Given these many and manifest advantages I think any flight school would be remiss to not include electric engines as an important part of a forward-facing curriculum and this debater would encourage PRO to request electric tech training from his professors.

If VOTERS feel the same, then please reward CON with points for argument.  CON claims no advantage in sources, grammar, or conduct- PRO & I were just having a little discussion here which I thoroughly enjoyed.

Thanks again to DroneYoinker for the interesting topic and thanks to VOTERS for their kind consideration.

Added:
--> @Ragnar
My mistake! I was multitasking at the time, probably did not notice it. Like you said, probably when I stopped paying attention
Instigator
#21
Added:
--> @DroneYoinker
The video link you gave has the targeted timestamp of nine-minutes six-seconds (probably when you stopped watching it), which is after all the relevant content. It's just something to be careful of in future.
#20
Added:
--> @Ragnar
I am not sure what you mean?
Instigator
#19
Added:
--> @DroneYoinker
The video has a targeted timestamp for an advertisement for algebra courses at the end. In case you're on right now, you've still got a few minutes to edit the post.
#18
Added:
https://www.youtube.com/watch?v=VNvzZfsC13o&t=546s
Disclaimer: This is not to sway the vote.
I just think it's a neat video to watch for information.
Instigator
#17
Added:
--> @DroneYoinker
What I would do:
The type of discussion this is, plus my education, causes me to feel the need to offer an opinion outside of my vote...
DroneYoinker, research if other flight schools have yet started teaching electric engines. If not, it might prove to be a marketable thing for your school (hell, even one sitting on the ground for study but not actually being used in a plane...). However, until the technology does improve, I would stick with fuel as your primary one, as right now when pilots are being hired, they are going to be expected to know how to handle the current dominant technology. Plus by the sound of the safety features, it will end up being a slightly different plane for the electric engine, not merely a different engine swapped in place.
It is an idea the school should revisit periodically, as the tipping point will be crossed sooner or later (likely not as soon as we hope, but it seems like an eventuality).
#16
Added:
--> @oromagi, @DroneYoinker
---RFD (1 of 2)---
Interpreting the resolution:
Very open ended, and it even changed in the middle of the debate...
Gist:
It was a really good discussion more than a debate, but as a debate it was won by con for long term considerations and pollution.
1. Fossil Fuels are fading
A lot of fairly good information on personal vehicles and related matters, but then BP oil setting a 53 year estimate was a powerful appeal to authority, about like if Chuck Norris corrected technique on roundhouse kicks.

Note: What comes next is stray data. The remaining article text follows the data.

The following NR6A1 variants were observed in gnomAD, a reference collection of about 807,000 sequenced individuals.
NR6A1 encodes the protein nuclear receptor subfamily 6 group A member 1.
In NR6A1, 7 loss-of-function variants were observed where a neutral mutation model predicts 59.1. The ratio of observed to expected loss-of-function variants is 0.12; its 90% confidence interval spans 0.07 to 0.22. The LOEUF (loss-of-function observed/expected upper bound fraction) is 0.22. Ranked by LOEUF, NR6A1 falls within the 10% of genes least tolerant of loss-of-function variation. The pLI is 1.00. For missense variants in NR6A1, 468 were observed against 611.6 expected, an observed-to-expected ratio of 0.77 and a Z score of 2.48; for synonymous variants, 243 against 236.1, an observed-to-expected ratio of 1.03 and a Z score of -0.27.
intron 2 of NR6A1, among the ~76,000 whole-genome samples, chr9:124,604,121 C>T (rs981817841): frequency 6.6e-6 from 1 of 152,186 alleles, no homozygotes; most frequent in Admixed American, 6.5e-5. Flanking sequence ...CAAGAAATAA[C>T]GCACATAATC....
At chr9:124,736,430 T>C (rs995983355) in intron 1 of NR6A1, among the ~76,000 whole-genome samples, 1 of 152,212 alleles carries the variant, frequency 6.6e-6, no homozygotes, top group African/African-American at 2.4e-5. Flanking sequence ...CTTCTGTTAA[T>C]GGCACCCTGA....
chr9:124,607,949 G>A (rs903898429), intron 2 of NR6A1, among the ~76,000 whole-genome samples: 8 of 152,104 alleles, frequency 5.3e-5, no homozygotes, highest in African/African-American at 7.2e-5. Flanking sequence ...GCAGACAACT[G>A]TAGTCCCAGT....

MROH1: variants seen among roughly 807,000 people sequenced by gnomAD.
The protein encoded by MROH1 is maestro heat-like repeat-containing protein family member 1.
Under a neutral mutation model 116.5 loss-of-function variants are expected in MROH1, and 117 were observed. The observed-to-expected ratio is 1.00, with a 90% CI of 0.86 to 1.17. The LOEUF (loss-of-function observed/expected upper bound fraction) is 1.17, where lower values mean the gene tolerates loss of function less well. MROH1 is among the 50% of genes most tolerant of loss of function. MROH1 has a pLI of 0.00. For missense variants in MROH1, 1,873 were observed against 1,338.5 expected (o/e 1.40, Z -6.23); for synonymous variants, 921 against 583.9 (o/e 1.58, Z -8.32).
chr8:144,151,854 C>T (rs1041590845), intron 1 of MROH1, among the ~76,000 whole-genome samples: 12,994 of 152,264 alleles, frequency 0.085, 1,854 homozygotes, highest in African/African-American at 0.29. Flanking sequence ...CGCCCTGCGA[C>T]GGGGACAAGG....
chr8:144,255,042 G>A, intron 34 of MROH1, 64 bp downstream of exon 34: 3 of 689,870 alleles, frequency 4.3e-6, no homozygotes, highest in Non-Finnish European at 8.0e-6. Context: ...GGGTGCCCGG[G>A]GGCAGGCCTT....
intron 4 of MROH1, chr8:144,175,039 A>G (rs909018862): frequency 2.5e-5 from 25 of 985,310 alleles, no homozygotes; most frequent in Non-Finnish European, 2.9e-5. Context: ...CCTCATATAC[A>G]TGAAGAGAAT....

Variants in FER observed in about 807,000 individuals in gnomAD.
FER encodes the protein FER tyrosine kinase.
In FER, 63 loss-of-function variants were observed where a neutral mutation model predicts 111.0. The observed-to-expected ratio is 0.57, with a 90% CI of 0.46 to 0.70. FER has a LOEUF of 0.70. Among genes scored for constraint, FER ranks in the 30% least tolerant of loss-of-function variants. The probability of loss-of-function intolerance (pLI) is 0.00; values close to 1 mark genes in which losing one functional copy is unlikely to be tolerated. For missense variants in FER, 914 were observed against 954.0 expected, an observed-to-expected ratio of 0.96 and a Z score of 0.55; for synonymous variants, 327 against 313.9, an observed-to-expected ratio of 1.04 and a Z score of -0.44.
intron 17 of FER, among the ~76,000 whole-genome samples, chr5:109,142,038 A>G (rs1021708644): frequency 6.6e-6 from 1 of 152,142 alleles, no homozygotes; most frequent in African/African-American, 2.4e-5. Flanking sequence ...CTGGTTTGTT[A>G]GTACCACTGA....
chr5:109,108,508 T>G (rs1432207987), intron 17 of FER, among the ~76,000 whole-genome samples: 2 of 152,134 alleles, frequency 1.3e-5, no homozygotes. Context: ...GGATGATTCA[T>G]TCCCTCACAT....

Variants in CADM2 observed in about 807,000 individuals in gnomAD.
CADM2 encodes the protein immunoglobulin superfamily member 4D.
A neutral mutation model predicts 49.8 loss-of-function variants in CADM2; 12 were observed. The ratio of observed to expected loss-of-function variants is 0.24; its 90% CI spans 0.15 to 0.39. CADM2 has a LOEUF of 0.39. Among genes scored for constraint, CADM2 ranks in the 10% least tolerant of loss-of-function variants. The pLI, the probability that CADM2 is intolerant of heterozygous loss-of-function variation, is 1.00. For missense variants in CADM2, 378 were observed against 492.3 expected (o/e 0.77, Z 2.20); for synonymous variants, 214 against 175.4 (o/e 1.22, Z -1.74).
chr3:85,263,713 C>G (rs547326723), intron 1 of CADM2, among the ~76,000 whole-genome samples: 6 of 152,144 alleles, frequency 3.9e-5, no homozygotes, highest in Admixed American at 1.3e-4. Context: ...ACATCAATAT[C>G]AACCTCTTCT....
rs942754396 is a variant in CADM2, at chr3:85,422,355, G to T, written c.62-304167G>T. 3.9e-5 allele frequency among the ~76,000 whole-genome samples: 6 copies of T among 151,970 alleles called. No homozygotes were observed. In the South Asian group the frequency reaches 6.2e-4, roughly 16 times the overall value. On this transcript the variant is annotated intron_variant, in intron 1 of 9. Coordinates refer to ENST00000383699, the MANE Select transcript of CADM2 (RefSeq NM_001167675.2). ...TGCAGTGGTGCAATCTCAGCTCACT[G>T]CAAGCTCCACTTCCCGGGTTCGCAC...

Dropped by pro.
2. Cost per distance
Pro asserts that electric are most costly.
Con counters that costs have almost equalized (at least for cars), and are projected to begin shifting in favor of electric. Very nice use of charts from a .gov source.
Conceded by pro.
3. Range
Pro suggests range limitations, in part tied to a lack of current airport facilities.
Con uses the average rate of improvement, to suggest in ten years batteries will be longer ranged than conventional fuel.
Pro brings things back to today with the lack of current airport facilities, highlighted by it being a newsworthy item when an airport adds a charging station for smaller aircrafts.
Con uses Tesla (and admits planes might not improve so fast), with a link explaining the improvement is basically like Moore’s Law but in slow motion (this does not assure no upper limit, but it’s a nice piece of evidence); and how quickly the auto industry installed the facilities to meet the demand for them.
#15
Added:
4. Life
Battery life is non-ideal at this point.
Con uses Tesla to defend that the overall depreciation is normal.
5. Reliability
Less moving parts draws my mind to solid state hard drives... Likely a poor comparison, but intuitively fewer moving parts for the same result is a good thing.
6. Air pollution
The lead into the air was a powerful point, especially how it was banned in automobiles.
7. Noise pollution
Con used a source to show it is decreased to only a 1/1000th.
8. Safety
(pro introduced this first, but following the numbered points is a bit easier)
Batteries are apparently massively more dangerous in crashes. If an engine catches fire, we have good procedures for current engines, which would not work for electric. The separate electrical system current engines run on, serves as a nice failsafe in case the computers or whatever else the main electrical system of the plane is on fails.
Con counters that fuel is estimated to be responsible for 8% of the crash deaths already, and that the 10x figure is an unwarranted assertion.
9. Versatility
Pro reminds us that the technology is not there for airbus or other massive planes to use electric engines... at least not yet.
---
Arguments:
See above review of key points. Pro ended up dropping a lot of argument lines, which is fine in a discussion, but hurts him in grading this as a debate.
Sources:
By con’s request, I am leaving these tied. They did however favor him by a good margin (early into the debate I thought I would end up tying the debate but giving him the source points)